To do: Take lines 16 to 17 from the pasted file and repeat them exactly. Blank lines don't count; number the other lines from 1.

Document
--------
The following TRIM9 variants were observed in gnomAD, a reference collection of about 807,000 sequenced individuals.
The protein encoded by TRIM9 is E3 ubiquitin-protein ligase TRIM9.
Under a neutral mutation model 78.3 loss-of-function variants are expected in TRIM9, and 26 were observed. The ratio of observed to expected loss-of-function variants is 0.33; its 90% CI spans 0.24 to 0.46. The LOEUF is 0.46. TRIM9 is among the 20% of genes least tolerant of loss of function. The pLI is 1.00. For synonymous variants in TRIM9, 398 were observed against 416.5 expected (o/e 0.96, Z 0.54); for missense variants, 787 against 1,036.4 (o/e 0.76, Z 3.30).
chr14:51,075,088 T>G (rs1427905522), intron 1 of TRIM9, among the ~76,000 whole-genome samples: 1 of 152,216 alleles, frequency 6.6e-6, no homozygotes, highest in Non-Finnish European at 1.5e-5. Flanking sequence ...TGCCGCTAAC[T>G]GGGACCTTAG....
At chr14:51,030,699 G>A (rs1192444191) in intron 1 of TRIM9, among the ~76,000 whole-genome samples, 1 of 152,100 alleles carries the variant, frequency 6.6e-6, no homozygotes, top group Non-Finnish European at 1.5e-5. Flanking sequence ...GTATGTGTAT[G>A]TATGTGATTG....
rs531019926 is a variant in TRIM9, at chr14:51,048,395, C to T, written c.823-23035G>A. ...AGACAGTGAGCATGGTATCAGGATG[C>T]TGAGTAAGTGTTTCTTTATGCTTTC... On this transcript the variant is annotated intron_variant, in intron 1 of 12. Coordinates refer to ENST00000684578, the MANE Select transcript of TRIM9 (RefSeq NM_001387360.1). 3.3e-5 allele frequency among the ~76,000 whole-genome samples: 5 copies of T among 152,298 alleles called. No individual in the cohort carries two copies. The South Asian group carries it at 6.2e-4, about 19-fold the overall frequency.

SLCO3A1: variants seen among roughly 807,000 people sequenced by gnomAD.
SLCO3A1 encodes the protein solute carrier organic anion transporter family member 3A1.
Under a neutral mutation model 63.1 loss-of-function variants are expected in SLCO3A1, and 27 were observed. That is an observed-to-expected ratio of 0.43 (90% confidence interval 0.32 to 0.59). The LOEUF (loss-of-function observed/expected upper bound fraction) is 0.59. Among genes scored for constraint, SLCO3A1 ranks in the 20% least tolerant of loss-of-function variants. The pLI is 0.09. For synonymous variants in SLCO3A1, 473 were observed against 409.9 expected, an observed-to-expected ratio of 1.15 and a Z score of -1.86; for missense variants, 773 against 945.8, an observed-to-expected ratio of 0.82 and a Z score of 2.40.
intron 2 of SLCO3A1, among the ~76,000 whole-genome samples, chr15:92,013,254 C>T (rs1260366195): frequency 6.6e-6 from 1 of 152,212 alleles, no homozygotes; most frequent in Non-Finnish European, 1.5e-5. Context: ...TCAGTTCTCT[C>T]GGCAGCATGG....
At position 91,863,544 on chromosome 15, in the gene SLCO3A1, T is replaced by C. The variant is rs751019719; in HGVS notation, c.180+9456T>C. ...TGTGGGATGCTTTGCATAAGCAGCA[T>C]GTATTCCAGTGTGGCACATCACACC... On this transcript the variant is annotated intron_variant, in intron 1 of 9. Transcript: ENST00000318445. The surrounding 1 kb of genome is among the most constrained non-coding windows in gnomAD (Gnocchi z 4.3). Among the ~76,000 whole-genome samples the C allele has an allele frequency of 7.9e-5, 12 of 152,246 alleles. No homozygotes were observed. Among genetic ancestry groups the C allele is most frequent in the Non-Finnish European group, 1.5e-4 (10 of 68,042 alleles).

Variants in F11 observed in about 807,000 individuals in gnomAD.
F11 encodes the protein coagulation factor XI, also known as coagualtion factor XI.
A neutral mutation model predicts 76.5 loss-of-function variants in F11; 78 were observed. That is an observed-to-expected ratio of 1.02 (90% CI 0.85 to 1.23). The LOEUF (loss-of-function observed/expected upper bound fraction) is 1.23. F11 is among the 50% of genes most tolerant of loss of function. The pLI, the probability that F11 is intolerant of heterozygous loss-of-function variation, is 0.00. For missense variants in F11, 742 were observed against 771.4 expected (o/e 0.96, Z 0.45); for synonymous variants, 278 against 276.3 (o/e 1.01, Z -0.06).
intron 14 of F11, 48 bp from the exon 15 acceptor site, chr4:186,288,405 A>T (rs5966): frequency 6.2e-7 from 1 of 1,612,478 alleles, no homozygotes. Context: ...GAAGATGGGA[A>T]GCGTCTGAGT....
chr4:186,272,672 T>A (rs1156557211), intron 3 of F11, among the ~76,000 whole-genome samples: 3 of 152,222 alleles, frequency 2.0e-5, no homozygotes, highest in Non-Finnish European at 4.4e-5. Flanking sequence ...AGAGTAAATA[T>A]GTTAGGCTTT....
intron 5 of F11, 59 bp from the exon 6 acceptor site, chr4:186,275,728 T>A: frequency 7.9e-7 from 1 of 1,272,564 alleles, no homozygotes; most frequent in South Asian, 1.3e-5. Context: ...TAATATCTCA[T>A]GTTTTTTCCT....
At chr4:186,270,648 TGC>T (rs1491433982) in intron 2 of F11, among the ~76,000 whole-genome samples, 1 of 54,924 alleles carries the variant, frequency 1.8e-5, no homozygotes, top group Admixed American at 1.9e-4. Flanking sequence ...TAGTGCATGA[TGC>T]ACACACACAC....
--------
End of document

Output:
chr4:186,272,672 T>A (rs1156557211), intron 3 of F11, among the ~76,000 whole-genome samples: 3 of 152,222 alleles, frequency 2.0e-5, no homozygotes, highest in Non-Finnish European at 4.4e-5. Flanking sequence ...AGAGTAAATA[T>A]GTTAGGCTTT....
intron 5 of F11, 59 bp from the exon 6 acceptor site, chr4:186,275,728 T>A: frequency 7.9e-7 from 1 of 1,272,564 alleles, no homozygotes; most frequent in South Asian, 1.3e-5. Context: ...TAATATCTCA[T>A]GTTTTTTCCT....